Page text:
I was watching one of USA Network's daily NCIS marathons and they run the episode where DiNozzo opens an envelope that has some sort of plague virus in it, and nearly dies before the rest of the team can find the person responsible and get an appropriate anti-viral.
What I noticed was how he opened the envelope. Rather than lifting the flap, or tearing open the top, Tony cut it open along a side, pinched the ends so the envelope pooched out, then blew into it, causing the plague-infected dust stuff to fly into the air and infect him. Whoops.
A similar thing happened to B.J. Hunnicut in an episode of M*A*S*H*, except all he got was a face full of what I guess was talcum powder (as he was the victim of a prankster, not a desperate lunatic). He opened the envelope the same way, and blew into it the same way, and had the same result.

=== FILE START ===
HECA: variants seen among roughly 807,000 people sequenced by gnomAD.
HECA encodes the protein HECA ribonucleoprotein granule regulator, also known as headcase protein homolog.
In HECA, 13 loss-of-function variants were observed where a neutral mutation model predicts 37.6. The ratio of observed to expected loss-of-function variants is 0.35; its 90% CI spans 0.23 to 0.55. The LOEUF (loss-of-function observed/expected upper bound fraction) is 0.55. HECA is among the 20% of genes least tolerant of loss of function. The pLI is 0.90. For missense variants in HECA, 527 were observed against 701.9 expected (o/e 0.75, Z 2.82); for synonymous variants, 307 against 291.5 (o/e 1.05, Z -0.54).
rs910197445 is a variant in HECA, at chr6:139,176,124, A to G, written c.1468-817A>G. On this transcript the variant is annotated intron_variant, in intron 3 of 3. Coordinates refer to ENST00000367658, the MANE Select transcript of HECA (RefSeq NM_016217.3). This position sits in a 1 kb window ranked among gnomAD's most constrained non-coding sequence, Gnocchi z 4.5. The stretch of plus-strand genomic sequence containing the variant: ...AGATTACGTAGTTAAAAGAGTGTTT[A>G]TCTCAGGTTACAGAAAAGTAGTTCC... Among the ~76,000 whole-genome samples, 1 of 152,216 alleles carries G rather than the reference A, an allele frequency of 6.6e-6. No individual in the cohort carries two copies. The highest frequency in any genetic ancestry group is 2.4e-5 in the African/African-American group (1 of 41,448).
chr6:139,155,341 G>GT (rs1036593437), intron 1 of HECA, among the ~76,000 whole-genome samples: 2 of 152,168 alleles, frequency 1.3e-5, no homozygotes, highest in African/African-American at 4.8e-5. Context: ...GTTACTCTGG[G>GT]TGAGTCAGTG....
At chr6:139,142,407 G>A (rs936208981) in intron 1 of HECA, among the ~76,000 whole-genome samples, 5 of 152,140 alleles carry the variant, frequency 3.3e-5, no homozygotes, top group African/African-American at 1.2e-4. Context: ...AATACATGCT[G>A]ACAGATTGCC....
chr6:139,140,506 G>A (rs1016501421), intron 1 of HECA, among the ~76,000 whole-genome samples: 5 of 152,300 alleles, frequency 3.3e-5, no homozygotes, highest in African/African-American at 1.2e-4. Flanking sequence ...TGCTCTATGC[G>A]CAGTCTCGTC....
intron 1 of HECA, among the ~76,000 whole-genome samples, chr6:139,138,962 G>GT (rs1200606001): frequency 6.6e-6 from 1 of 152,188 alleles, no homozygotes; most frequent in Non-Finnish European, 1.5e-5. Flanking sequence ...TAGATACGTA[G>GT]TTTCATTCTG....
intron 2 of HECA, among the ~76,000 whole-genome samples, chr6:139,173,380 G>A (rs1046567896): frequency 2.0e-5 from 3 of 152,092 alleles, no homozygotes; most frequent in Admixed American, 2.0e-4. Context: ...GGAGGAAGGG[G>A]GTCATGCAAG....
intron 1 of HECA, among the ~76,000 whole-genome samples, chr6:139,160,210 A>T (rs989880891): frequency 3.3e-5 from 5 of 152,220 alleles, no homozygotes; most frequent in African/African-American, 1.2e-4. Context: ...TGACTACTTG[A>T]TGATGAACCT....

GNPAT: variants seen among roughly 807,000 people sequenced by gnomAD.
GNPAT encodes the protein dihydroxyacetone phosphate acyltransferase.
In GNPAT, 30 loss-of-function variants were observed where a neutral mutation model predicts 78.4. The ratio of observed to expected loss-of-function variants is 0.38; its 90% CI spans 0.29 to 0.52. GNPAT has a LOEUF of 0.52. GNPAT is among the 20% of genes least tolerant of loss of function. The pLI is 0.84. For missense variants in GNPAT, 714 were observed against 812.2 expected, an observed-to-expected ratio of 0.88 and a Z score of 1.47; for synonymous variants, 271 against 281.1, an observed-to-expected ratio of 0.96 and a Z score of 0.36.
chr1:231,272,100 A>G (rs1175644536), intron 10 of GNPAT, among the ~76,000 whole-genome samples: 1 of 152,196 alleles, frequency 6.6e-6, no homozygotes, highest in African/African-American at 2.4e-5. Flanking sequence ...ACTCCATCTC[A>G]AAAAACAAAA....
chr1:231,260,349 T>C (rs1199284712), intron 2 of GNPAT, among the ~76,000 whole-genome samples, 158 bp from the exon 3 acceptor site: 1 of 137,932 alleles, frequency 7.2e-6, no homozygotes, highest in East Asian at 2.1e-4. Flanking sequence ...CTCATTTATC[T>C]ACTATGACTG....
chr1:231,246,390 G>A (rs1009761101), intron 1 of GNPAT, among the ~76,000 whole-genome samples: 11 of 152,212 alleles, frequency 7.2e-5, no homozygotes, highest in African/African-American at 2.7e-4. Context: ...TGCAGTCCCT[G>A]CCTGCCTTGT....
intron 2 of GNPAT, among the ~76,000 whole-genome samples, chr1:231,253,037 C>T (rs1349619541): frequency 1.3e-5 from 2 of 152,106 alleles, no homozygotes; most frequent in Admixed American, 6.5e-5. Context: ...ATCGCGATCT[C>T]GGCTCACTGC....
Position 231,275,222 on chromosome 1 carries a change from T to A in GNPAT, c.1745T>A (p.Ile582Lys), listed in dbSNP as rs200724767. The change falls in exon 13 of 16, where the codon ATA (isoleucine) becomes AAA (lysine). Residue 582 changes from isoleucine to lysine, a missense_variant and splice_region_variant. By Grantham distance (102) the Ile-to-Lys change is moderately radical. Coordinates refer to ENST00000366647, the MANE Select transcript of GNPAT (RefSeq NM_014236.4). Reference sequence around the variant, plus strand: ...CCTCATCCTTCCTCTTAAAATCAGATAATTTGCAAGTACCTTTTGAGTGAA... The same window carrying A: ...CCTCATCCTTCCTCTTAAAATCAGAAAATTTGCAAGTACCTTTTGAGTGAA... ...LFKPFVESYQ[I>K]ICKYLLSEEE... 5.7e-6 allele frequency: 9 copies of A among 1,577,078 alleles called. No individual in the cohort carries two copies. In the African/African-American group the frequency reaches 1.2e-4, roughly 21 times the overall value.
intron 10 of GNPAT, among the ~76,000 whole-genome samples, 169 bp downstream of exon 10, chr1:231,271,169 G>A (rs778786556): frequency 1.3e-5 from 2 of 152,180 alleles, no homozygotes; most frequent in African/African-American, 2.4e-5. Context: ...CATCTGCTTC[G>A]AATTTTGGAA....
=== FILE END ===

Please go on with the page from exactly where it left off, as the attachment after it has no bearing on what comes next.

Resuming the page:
In real life, I've never seen a person open an envelope that way. I've seen people carefully pry the flap loose, or cut along the top with a letter opener, or my usual tactic of wedging my finger under the flap and tearing it open. Cutting along the side, and blowing into it? Never. Is this something that used to be a common practice, and people stopped?
I have to assume someone was doing it, or else why would scriptwriters have characters use that method. Maybe it's a regional thing. Hunnicut was a Californian, I don't know where DiNozzo's from, though I know he was a Baltimore cop, so maybe it's a coastal thing. Or maybe it was a practice that died out because of the potential for prankery.